Since my male ego is so small, a fact I'm tremendously proud about, I readily admit that my wife was right. Laurel kept saying, we should start watching The Morning Show, and I kept responding, but the reviews I've read haven't been very positive.
Well, we've been firing up Apple TV+ almost every night since taking our first plunge into The Morning Show, and now we're both enthralled by this compelling drama.
Rotten Tomatoes has it right. Critics aren't wild about the series. But viewers love it.
Jennifer Aniston and Reese Witherspoon are indeed great in their roles. So are the supporting actors. Plus, the writing is excellent, with compelling scenes that are truly can't-look-away television.
What I like most about The Morning Show is the moral ambiguity.
Just as in the larger real life drama featuring each of us, there's no clear-cut heroes and villains. At first it seems like there could be, since the co-host of The Morning Show is guilty of sexual misconduct that causes him to be fired, leaving Aniston to deal with a replacement played by Witherspoon.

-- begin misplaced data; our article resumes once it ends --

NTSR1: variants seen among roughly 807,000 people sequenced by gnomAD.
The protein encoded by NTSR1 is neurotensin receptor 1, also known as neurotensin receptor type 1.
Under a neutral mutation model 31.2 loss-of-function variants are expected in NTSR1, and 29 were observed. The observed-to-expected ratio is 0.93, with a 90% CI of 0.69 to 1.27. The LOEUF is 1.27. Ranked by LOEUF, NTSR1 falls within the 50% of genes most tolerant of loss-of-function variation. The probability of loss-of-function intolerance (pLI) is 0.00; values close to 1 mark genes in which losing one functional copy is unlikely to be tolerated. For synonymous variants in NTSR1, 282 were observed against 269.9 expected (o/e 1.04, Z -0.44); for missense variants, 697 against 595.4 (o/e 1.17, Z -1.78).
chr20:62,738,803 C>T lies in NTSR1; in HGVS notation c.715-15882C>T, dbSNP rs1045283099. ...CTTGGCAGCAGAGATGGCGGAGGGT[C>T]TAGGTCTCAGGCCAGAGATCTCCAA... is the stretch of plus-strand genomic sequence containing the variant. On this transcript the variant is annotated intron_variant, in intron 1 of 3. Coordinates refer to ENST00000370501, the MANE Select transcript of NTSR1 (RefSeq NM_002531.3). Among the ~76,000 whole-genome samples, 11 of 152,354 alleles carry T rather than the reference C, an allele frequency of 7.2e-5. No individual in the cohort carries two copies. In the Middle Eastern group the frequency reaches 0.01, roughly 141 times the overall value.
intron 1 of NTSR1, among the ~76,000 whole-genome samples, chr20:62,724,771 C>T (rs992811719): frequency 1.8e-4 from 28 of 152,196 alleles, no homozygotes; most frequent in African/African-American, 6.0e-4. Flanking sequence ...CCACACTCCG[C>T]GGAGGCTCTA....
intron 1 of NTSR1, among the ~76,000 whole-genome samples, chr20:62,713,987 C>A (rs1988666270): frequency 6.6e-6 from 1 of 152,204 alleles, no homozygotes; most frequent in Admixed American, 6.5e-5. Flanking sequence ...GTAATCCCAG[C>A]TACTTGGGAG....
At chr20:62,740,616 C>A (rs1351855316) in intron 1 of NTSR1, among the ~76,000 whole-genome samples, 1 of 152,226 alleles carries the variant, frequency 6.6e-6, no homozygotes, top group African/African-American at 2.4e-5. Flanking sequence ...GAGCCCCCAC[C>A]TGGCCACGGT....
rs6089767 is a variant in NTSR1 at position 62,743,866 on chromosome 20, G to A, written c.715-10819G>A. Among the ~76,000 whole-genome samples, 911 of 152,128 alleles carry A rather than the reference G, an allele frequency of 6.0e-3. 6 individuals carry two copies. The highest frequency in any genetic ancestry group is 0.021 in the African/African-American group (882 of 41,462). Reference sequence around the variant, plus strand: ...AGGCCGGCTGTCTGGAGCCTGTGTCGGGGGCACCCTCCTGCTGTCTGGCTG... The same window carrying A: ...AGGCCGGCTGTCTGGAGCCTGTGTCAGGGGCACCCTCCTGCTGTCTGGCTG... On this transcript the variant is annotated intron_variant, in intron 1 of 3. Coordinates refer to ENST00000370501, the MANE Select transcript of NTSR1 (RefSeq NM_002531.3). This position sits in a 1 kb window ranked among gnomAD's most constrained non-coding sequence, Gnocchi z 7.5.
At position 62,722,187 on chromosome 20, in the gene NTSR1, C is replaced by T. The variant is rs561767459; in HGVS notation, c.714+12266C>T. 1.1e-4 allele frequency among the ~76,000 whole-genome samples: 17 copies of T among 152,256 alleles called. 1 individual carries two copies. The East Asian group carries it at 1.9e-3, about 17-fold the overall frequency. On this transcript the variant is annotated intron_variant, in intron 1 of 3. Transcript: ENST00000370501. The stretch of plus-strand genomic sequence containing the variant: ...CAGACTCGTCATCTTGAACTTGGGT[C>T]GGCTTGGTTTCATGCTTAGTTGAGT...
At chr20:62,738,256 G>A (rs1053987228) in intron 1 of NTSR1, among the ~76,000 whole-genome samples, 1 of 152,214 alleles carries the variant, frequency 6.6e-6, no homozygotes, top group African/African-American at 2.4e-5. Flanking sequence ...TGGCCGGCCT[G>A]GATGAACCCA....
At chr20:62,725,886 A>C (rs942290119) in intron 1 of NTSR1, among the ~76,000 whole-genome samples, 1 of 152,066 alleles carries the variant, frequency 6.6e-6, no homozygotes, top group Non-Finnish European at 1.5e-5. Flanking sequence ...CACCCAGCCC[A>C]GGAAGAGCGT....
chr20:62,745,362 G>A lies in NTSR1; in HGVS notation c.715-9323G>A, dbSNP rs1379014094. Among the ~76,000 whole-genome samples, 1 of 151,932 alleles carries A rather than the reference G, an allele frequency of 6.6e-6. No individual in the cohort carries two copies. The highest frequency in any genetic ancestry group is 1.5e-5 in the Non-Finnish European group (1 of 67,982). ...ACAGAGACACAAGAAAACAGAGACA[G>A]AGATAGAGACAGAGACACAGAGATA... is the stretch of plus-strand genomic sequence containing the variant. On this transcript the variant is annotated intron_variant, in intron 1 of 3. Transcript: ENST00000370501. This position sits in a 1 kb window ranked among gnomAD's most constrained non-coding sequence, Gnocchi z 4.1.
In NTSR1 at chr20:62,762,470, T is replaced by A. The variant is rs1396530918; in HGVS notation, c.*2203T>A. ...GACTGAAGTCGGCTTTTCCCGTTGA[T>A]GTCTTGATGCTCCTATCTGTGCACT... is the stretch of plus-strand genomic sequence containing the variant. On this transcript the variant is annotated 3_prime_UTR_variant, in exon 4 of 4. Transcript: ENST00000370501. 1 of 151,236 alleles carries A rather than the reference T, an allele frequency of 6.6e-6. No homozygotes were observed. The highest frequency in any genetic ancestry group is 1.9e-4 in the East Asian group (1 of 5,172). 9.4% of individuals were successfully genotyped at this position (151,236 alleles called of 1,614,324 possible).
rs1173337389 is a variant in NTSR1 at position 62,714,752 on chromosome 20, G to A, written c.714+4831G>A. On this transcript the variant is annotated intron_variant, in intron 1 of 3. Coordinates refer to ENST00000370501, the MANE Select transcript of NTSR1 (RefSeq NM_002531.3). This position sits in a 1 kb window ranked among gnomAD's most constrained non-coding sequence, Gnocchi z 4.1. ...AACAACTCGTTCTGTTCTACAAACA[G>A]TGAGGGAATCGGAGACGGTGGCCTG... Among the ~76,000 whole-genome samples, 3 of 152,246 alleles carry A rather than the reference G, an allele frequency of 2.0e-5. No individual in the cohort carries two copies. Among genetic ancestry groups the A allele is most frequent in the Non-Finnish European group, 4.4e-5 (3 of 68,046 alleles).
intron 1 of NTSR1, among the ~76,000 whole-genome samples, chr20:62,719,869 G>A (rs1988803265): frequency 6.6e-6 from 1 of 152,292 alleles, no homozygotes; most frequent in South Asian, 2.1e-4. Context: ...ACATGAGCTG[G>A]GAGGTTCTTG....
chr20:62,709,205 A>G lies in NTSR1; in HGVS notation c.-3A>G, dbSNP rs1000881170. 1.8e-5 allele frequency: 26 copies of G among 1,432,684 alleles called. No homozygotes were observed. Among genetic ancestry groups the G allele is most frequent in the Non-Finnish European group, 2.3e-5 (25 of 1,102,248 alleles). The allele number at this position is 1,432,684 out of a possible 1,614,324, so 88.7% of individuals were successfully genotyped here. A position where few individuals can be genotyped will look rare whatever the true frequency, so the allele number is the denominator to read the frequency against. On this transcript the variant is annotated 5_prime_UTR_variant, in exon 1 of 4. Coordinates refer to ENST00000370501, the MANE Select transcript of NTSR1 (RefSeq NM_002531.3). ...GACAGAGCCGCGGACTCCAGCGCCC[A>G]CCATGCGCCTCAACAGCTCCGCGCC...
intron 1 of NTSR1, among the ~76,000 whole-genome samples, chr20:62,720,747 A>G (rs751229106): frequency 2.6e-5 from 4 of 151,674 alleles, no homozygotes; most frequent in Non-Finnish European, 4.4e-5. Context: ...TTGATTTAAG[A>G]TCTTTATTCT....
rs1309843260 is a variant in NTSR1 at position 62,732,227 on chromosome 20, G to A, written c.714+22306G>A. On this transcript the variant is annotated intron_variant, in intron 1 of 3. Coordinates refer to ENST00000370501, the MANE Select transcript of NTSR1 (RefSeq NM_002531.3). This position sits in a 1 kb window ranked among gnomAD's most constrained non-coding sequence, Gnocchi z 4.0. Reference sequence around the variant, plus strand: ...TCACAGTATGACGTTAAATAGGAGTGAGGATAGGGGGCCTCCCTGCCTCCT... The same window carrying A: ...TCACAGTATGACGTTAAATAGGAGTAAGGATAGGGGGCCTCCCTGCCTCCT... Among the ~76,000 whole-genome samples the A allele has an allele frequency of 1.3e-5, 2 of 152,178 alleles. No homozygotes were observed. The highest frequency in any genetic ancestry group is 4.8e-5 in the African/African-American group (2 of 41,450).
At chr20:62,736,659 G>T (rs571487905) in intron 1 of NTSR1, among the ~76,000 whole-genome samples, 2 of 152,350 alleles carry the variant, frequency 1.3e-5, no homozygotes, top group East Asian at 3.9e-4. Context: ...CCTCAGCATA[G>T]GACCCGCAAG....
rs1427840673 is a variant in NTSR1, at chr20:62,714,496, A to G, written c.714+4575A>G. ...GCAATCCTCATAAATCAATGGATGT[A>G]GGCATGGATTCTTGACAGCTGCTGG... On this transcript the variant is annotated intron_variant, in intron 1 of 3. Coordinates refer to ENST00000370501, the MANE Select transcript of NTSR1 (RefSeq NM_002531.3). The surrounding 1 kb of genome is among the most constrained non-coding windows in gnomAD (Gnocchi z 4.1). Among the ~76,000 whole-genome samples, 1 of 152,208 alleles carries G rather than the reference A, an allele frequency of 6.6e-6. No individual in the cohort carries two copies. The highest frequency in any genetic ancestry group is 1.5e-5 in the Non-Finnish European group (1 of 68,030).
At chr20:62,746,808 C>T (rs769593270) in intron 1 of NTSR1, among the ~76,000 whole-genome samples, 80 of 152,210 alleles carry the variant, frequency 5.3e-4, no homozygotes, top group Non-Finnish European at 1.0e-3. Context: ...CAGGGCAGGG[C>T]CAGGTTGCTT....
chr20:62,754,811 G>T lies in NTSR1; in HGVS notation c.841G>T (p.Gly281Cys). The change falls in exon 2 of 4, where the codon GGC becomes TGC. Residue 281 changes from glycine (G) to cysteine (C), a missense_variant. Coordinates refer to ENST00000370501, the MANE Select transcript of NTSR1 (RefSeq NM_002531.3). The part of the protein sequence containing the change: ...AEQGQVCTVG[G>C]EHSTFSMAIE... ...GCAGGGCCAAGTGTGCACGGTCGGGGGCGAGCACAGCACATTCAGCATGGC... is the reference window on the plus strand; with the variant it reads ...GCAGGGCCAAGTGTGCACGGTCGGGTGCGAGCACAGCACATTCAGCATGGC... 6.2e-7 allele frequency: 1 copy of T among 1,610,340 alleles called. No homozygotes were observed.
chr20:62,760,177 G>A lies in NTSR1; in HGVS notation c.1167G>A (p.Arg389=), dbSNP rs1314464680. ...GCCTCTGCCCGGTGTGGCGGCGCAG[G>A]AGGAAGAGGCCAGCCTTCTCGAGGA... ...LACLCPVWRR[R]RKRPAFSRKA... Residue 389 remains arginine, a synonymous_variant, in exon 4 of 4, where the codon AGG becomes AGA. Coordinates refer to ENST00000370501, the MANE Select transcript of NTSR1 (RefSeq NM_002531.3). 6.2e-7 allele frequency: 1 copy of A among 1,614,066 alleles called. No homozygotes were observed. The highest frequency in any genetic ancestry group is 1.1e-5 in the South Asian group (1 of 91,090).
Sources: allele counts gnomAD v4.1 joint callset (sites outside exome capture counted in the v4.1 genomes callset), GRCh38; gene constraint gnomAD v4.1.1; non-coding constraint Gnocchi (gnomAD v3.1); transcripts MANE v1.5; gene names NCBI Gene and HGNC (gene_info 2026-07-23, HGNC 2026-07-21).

However, as later episodes demonstrate, every main character, and some of the minor ones, are a blend of positive and negative qualities.
Or perhaps better put, their good and bad qualities shade into each other in such a complex fashion, it's impossible to see these people as anything other than decidedly human beings who are doing their best, even though sometimes they're accused of being the worst.
Watching The Morning Show thus has been therapeutic for me. I've become a bit less critical of my own shortcomings, and hopefully this will transfer over to how I see other people who fail to live up to my expectations.
Life is tough.
It's tough for the high-paid, good-looking, well-known people who put on The Morning Show, a mix of news and entertainment, and it's tough for almost everybody else also. I love how Aniston and Witherspoon peel away the facade of their TV personas, revealing the realities that lie beneath their on-camera selves.
Jumping into the world of present-day politics, this goes a long way toward explaining why I dislike Donald Trump so much. He rarely, if ever, displays vulnerability, admits he was wrong, or acknowledges uncertainty about what to do. So when Aniston's character does all of those things, it's marvelously refreshing.
Yes, we had to fork out $5 a month to upgrade from Apple TV to Apple TV+. But that money has bought us a lot of viewing pleasure. Here's the official trailer, though it doesn't capture how good The Morning Show really is.